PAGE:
High urinary phthalate concentration associated with delayed pubarche in girls

Department of Growth and Reproduction, Rigshospitalet, Copenhagen University Hospital, Copenhagen, Denmark.
International Journal of Andrology (Impact Factor: 3.21). 03/2012; 35(3):216-26. DOI: 10.1111/j.1365-2605.2012.01260.x
Source: PubMed

ABSTRACT Phthalates are a group of chemicals present in numerous consumer products. They have anti-androgenic properties in experimental studies and are suspected to be involved in human male reproductive health problems. A few studies have shown associations between phthalate exposure and changes in pubertal timing among girls, although controversies exist. We determined the concentration of 12 phthalate metabolites in first morning urine samples from 725 healthy Danish girls (aged 5.6-19.1 years) in relation to age, pubertal development (breast and pubic hair stage) and reproductive hormone levels (luteinizing hormone, oestradiol and testosterone). Furthermore, urinary phthalates were determined in 25 girls with precocious puberty (PP). In general, the youngest girls with less advanced pubertal development had the highest first morning urinary concentration of the monobutyl phthalate isoforms (∑MBP((i+n))), monobenzyl phthalate (MBzP), metabolites of di-(2-ethylhexyl) phthalate (∑DEHPm) and of di-iso-nonyl phthalate (∑DINPm). After stratification of the urinary phthalate excretion into quartiles, we found that the age at pubarche was increasing with increasing phthalate metabolite quartiles (except for MEP). This trend was statistically significant when all phthalate metabolites (except MEP) were summarized and expressed as quartiles. No association between phthalates and breast development was observed. In addition, there were no differences in urinary phthalate metabolite levels between girls with PP and controls. We demonstrated that delayed pubarche, but not thelarche, was associated with high phthalate excretion in urine samples from 725 healthy school girls, which may suggest anti-androgenic actions of phthalates in our study group of girls.

1 Follower
  • [Show abstract] [Hide abstract]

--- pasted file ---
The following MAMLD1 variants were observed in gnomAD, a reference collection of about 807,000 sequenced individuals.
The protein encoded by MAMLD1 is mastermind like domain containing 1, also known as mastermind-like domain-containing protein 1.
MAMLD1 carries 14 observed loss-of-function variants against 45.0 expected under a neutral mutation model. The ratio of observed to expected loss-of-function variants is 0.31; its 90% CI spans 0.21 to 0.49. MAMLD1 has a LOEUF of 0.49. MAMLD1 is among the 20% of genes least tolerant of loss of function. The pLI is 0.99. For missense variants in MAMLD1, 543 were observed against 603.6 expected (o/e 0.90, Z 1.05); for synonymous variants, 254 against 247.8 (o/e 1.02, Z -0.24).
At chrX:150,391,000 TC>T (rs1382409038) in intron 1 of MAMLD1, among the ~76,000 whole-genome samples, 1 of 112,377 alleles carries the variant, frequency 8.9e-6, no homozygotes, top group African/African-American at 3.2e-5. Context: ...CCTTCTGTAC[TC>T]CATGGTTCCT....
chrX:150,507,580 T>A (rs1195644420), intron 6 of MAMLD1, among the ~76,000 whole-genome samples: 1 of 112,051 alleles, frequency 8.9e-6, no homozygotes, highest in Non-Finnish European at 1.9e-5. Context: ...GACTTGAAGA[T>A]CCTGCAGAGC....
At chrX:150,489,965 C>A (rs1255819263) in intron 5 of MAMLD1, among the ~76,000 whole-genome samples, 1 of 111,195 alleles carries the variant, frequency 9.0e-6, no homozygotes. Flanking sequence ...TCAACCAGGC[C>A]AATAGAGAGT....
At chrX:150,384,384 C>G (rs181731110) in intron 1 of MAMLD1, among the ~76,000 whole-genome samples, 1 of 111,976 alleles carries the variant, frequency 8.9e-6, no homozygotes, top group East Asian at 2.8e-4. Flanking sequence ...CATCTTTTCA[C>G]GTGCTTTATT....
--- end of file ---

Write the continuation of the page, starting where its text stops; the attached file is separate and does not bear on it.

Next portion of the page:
ABSTRACT: The age of pubertal onset for girls has declined over past decades. Research suggests that endocrine disrupting chemicals (EDCs) may play a role but exposure at multiple stages of development has not been considered. We examined in utero and peripubertal exposure to bisphenol-A (BPA) and phthalates in relation to serum hormones and sexual maturation among females in a Mexico City birth cohort. We measured phthalate metabolite and BPA concentrations in urine collected from mothers during their third trimester (n=116) and from their female children at ages 8-13 years (n=129). Among girls, we measured concurrent serum hormone concentrations, Tanner stages for breast and pubic hair development, and collected information on menarche onset. We used linear and logistic regression to model associations between in utero and peripubertal measures of exposure with hormones and sexual maturation, respectively, controlling for covariates. An interquartile range (IQR) increase in in utero urinary mono-2-ethylhexyl phthalate (MEHP) was positively associated with 29% (95% CI: 9.2-52.6%) higher dehydroepiandrosterone sulfate (DHEA-S), an early indicator of adrenarche, and 5.3 (95% CI: 1.13-24.9) times higher odds of a Tanner stage >1 for pubic hair development. Similar relationships were observed with other in utero but not peripubertal di-2-ethylhexyl phthalate (DEHP) metabolites. IQR increases in in utero monobenzyl phthalate (MBzP) and monoethyl phthalate (MEP) were associated with 29% and 25% higher serum testosterone concentrations (95% CI: 4.3-59.3; 2.1-54.1), respectively. In addition, we observed suggestive associations between in utero and peripubertal MEP concentrations and increased odds of having undergone menarche, and between peripubertal MnBP concentrations and increased odds of having a Tanner stage >1 for both breast and pubic hair development. BPA was not associated with in utero or peripubertal serum hormones or sexual maturation.